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Thread: Tomato sauce for canning

  1. #1
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    Tomato sauce for canning

    Hi All,

    This is my first post and the first time I've accessed this community. Please be patient if I've done something wrong.

    As a result of my discontent with commercial tomato sauces, I've decided to buy a bushel of field tomatoes and make my own to take the family through the winter. I'm looking for a healthful and flavourful tomato sauce as well as canning instructions. Can anyone help?

    m

  2. #2
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    I don't have a recipe for tomato sauce, but just wanted to say welcome to cooking light BB's!

    Chari

  3. #3
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    Welcome to the boards -- I'm sure someone will have an answer for you! I used to can tomato juice and sauce, but I don't remember specifically enought to answer your questions. Another good source, besides the boards, is the Better Homes and Gardens canning book...
    Kay
    I'm a WYSIWYG person -- no subterfuge here!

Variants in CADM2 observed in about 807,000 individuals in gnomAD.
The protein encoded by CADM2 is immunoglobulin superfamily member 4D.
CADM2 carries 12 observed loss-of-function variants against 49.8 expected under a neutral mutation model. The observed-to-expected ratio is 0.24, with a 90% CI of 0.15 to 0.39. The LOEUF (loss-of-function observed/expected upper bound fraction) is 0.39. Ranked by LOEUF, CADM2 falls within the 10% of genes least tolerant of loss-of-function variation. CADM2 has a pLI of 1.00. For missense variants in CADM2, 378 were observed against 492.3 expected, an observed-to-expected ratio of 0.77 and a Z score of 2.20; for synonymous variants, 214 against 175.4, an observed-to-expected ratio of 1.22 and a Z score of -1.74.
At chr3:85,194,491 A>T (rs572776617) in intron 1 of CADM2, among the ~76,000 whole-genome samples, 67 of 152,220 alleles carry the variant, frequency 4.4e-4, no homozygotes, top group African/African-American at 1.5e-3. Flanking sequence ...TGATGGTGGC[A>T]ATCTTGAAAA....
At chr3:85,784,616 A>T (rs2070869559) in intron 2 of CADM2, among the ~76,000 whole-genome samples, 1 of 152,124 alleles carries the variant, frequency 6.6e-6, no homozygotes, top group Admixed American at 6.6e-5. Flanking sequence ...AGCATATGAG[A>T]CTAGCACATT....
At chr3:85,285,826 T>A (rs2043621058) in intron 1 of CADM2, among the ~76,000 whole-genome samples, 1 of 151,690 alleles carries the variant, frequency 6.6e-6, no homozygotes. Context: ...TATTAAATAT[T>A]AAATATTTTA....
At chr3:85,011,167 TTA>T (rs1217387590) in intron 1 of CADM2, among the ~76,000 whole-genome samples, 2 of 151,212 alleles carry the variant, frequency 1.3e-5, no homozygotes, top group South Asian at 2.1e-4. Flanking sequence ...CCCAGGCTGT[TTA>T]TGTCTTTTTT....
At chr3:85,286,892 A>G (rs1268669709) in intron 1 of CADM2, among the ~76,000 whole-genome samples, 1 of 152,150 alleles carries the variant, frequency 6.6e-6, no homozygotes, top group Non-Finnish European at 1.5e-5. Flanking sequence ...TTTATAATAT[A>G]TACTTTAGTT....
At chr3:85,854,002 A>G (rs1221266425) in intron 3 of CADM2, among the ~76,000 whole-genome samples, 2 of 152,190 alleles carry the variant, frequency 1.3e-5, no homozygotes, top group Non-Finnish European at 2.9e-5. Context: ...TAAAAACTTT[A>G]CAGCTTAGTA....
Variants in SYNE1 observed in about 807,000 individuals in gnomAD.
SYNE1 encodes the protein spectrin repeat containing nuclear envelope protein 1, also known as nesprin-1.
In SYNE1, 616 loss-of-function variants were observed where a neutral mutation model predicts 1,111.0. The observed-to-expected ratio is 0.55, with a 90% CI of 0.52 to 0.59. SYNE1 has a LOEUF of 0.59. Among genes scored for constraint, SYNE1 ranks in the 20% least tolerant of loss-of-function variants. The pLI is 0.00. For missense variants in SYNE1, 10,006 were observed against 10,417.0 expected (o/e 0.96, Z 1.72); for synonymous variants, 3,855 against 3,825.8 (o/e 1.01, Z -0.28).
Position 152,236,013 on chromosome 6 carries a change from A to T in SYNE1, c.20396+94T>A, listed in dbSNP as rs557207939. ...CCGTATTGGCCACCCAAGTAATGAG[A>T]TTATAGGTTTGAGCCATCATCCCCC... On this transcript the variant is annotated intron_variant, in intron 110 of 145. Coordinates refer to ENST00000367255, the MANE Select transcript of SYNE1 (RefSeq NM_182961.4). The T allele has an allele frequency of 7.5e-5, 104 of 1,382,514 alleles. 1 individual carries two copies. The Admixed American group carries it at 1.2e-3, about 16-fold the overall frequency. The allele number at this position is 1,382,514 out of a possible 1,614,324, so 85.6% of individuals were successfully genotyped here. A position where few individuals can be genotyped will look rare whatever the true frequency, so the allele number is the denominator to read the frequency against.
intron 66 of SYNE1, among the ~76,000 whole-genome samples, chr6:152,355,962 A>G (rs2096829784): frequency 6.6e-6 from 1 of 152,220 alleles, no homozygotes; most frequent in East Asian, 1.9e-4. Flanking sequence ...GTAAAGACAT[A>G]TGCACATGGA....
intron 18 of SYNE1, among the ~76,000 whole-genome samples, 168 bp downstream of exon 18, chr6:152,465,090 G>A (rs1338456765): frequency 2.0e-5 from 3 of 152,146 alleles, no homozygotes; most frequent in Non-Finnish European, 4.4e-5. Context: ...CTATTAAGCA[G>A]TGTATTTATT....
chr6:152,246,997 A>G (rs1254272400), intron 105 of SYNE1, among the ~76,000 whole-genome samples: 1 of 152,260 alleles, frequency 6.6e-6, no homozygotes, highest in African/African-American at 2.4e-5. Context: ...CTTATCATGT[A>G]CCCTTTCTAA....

4. #4
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    There is a board favorite marinara called Marinara Magnifico that you can search for but it uses canned tomatoes. I know nothing about canning so I'm of no help there!

    Just a heads up, weekends, and especially holiday weekends, tend to be VERY slow around here so if you don't get much response be patient. Try bumping up your thread each day, especially on Tuesday. Welcome to the boards!

  5. #5
    Before you do anything, get yourself a Ball Blue Book. They are available on Amazon, and sometimes you can find them where you buy jars and lids.

    Or, go to the the National Center for Home Food Preservation--their info on canning is located at http://www.uga.edu/nchfp/how/can_home.html

    Be careful to follow directions exactly--we would hate to lose a new member!!

    My most recent adventure in canning was roasted tomato sauce. Instead of reducing the liquid in the tomatoes by simmering on top of the stove, I cut the tomatoes in half, put them on a well oiled cooky sheet, and roasted them for about one hour at 400 degrees. (Could be 15 minutes more or less, depending on the size of the tomatoes. They should be soft and brown around the edges, but not burned.)